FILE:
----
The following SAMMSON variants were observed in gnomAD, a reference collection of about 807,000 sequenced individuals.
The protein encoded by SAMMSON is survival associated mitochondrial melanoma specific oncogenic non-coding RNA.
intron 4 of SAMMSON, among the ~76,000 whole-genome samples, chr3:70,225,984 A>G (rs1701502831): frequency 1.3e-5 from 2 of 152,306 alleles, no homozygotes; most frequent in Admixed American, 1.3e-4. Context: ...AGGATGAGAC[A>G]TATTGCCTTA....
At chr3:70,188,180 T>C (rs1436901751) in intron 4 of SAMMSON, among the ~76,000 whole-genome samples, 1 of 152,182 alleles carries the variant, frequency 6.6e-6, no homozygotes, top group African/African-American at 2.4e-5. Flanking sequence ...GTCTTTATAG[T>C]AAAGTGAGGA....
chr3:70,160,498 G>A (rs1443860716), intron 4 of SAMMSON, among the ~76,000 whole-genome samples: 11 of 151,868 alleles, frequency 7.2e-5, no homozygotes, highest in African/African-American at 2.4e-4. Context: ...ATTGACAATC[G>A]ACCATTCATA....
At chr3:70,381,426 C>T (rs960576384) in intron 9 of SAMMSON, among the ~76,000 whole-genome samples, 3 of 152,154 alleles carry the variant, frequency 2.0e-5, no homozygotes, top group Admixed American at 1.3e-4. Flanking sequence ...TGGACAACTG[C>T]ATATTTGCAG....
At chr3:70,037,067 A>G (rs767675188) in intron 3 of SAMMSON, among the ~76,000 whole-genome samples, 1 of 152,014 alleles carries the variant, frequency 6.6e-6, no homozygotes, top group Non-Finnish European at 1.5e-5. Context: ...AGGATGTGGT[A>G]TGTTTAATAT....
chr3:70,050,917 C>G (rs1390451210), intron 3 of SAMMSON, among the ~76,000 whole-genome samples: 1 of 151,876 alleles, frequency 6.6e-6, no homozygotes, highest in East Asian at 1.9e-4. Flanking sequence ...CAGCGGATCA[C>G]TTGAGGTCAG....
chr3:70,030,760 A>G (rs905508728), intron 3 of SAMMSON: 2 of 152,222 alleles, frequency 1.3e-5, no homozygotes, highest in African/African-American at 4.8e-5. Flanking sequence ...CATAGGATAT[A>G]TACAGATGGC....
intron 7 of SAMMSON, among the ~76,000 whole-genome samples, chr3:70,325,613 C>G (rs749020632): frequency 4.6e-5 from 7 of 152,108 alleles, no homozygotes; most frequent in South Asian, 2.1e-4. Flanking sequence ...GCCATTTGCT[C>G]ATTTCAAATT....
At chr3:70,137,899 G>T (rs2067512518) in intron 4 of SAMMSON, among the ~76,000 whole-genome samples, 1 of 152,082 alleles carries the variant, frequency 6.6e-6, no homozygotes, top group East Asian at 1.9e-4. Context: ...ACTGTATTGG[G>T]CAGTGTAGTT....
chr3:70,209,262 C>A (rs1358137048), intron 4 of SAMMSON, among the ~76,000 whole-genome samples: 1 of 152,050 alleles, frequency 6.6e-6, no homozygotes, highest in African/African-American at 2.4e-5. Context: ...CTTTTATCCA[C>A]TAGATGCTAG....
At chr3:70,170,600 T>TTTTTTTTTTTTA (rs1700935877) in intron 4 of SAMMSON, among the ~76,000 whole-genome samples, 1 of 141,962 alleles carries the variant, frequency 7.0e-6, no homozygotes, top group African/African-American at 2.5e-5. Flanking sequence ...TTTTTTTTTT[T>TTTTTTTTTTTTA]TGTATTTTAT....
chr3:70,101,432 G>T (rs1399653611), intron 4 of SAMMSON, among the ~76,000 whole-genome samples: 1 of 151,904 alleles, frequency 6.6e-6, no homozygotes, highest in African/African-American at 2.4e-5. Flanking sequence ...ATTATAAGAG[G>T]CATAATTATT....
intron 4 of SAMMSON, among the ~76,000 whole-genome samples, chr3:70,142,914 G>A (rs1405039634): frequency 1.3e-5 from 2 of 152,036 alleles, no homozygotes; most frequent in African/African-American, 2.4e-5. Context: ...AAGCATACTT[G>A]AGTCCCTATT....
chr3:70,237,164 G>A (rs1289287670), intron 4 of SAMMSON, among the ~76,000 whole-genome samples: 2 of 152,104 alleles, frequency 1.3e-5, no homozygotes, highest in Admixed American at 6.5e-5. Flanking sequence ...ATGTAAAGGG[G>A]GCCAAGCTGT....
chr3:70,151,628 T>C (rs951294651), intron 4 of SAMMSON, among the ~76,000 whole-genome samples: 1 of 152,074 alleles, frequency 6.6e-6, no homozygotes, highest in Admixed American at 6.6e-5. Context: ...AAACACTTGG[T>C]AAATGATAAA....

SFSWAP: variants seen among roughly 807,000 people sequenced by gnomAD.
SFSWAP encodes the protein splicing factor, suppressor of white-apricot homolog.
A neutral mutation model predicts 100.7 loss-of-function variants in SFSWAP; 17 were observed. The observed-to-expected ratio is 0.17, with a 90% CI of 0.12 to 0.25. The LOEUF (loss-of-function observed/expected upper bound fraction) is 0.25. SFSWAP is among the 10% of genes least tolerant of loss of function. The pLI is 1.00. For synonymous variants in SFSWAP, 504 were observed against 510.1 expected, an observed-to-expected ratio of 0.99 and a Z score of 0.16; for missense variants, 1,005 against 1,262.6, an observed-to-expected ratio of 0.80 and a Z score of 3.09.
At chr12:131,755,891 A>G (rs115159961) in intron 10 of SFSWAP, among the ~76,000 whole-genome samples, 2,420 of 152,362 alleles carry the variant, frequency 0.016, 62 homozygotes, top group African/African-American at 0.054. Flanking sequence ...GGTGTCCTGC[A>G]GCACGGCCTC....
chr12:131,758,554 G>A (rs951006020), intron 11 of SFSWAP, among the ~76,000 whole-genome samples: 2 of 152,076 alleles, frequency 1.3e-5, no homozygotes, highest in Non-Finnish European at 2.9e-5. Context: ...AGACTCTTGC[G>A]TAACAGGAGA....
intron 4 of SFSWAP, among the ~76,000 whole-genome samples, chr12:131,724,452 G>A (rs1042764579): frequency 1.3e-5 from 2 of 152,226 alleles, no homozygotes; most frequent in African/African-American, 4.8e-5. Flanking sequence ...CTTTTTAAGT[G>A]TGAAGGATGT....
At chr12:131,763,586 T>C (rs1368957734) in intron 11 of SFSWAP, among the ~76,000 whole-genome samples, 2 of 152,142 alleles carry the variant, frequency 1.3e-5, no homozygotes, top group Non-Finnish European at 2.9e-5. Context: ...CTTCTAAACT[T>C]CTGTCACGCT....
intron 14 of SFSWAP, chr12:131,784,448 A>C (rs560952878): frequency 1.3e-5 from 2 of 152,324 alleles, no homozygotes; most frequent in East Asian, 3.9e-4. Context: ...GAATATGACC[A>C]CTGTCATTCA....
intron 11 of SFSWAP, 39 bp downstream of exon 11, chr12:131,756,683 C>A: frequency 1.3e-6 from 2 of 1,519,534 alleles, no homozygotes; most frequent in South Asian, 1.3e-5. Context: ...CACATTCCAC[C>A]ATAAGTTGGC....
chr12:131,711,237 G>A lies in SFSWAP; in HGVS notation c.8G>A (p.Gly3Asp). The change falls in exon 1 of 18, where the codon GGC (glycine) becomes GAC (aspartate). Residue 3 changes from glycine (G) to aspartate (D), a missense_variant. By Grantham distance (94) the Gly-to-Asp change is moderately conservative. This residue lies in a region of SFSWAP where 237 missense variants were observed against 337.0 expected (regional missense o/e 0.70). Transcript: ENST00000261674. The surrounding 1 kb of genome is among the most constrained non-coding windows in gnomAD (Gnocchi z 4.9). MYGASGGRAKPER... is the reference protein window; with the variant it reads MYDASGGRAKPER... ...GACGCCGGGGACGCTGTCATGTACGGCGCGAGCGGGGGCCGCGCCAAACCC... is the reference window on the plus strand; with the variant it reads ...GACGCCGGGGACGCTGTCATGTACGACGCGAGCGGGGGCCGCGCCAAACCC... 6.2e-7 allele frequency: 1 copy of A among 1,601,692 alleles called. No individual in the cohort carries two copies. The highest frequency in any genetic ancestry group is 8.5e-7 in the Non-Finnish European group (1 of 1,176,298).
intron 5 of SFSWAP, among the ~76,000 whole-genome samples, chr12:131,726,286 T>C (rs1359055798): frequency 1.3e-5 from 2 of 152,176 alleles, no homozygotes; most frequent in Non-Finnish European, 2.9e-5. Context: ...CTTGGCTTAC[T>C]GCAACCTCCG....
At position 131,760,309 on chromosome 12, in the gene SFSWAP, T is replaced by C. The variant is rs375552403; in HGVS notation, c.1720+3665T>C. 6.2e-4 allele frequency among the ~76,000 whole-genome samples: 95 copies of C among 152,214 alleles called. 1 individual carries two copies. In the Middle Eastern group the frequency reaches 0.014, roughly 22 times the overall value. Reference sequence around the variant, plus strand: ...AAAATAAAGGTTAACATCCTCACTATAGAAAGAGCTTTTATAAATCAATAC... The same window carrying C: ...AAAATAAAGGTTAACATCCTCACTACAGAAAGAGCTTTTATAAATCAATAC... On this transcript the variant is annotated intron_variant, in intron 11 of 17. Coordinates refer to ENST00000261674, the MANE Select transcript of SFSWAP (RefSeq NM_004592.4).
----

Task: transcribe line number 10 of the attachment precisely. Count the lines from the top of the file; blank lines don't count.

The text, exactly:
intron 7 of SAMMSON, among the ~76,000 whole-genome samples, chr3:70,325,613 C>G (rs749020632): frequency 4.6e-5 from 7 of 152,108 alleles, no homozygotes; most frequent in South Asian, 2.1e-4. Flanking sequence ...GCCATTTGCT[C>G]ATTTCAAATT....